(Following is an excerpt from a speech being made Friday during Chemainus Secondary School’s 2019 Remembrance Day Assembly).
Before the Europe tour, I’ve never really gone anywhere too far from Canada. The whole experience has changed the way I live and think. Exploration is part of human nature, and everyone should be exposed to different cultures and lifestyles at some point in their lives.
I’ve been living my life by means of one culture, and I’ve only ever known what it feels like to be a Canadian. Sure I’ve seen pictures and heard stories about other lands, but with so little to go by, how would I know it really existed? The only way is to be there. There’s a huge difference between looking at a picture and standing at the place the picture was taken. Pictures can be beautiful, they can be full of emotion and meaning, but they lack feeling on a physical level.
Most people have seen the Eiffel Tower in a picture or on TV, but being there and seeing it in person is a feeling I’ve never before experienced, a feeling of truth and triumph. I no longer think of photographs as just shallow images, but I now think of them as representations of real places that have centuries of rich history. Photographs only show, while places both show and communicate. I believe that to fully understand history and its meaning, we need to go by more than just stories and images. Being overseas in foreign nations has opened my eyes to the truth behind history, and has made me better understand what it means to be a Canadian.
The war history aspect of the trip was immense, with a large portion of our trip taking place near or in historical war sites. All of these locations have so much history, and it is certainly possible to feel emotion from these places. To be specific, the Juno Beach ceremony on the 75th anniversary of D-Day was almost too meaningful to be put into words. Many may not believe that a beach can give a person so much gratitude and understanding, but as I have learned for myself, it is possible.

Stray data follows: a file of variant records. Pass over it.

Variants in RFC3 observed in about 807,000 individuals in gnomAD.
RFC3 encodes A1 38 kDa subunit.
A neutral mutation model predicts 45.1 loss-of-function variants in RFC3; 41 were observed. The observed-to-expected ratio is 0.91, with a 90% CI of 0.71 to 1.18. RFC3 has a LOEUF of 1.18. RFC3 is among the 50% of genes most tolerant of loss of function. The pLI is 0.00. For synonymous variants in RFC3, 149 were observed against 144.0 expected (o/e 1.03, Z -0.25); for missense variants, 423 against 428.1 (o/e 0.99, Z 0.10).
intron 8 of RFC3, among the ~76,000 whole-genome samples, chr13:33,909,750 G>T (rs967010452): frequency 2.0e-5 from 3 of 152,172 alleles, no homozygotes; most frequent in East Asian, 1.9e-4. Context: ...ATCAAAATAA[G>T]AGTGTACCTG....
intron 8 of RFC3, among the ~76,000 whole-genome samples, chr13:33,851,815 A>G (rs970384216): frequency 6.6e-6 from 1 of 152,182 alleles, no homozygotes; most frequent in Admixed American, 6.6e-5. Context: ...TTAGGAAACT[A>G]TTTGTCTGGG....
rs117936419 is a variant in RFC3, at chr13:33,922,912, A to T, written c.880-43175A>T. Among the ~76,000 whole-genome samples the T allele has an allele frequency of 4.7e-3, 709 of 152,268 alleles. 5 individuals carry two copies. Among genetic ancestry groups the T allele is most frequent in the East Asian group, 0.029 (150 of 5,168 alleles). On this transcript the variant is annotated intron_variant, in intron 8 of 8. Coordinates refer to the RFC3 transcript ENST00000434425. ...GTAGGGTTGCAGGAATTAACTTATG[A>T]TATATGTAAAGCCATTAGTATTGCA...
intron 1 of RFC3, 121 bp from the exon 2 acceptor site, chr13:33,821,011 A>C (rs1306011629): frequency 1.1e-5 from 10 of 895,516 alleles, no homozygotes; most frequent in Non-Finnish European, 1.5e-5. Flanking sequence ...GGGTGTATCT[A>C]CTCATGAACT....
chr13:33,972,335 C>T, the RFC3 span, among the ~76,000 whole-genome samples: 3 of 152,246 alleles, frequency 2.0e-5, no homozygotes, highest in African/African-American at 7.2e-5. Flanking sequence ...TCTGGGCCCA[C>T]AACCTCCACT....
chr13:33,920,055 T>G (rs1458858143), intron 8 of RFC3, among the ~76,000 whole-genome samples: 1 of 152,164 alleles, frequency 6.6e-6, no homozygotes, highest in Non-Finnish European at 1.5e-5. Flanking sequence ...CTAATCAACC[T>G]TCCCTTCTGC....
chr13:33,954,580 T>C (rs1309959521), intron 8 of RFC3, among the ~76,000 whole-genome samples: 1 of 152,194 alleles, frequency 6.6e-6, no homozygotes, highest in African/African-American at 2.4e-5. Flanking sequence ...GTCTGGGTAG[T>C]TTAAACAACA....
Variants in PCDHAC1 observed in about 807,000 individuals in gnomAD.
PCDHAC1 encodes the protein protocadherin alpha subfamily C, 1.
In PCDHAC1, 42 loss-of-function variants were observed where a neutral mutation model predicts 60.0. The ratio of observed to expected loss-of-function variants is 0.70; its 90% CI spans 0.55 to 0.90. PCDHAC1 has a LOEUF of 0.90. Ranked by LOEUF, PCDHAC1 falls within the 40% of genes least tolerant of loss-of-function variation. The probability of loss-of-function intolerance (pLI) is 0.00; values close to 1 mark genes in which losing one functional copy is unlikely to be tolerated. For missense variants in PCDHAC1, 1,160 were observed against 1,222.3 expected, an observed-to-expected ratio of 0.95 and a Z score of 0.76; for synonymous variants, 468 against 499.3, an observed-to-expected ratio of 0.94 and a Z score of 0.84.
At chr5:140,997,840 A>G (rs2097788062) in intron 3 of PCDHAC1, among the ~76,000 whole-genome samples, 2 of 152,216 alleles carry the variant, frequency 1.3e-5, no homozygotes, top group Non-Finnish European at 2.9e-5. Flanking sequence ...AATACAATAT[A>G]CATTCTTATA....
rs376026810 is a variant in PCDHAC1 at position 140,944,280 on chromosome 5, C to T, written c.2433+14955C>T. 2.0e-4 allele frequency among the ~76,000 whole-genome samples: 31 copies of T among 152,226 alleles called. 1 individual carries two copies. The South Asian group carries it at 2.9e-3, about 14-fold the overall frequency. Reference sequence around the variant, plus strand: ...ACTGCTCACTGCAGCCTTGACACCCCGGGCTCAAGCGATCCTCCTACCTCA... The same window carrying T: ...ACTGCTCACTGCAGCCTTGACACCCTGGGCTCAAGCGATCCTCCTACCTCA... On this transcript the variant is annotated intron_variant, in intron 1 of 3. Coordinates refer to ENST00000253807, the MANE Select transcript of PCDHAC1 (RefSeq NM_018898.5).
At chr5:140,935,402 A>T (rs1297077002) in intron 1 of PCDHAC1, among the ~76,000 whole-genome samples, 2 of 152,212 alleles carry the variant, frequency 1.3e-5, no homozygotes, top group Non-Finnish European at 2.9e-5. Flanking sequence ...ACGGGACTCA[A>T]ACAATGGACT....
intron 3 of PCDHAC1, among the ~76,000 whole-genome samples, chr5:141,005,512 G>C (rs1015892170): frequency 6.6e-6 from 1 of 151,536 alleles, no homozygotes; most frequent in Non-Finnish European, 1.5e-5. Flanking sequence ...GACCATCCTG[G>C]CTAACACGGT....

These locations have changed so much since the times of conflict and violence, but they still carry the meaning. Vimy Ridge even gave me a sense of hope, triumph and freedom. The memorial and surrounding landscape were absolutely breathtaking, but it’s hard to comprehend that they were the centre of death and destruction a century ago.
The names on the Vimy memorial included that of my great-great grandfather, Clarence Walker, who served in the Canadian Infantry during the First World War, where he survived the Battle of Vimy Ridge but was killed during the Battle of Hill 70. I feel accomplishment and contentment on a personal level knowing I paid homage to him and all those who served alongside him, we can never be thankful enough for what they have done for us. The entire experience was just too rich with history and emotion to be fully expressed, but I can undoubtedly say that an experience like this only comes about once in every few lifetimes, and to be a part of it, I am forever gratified.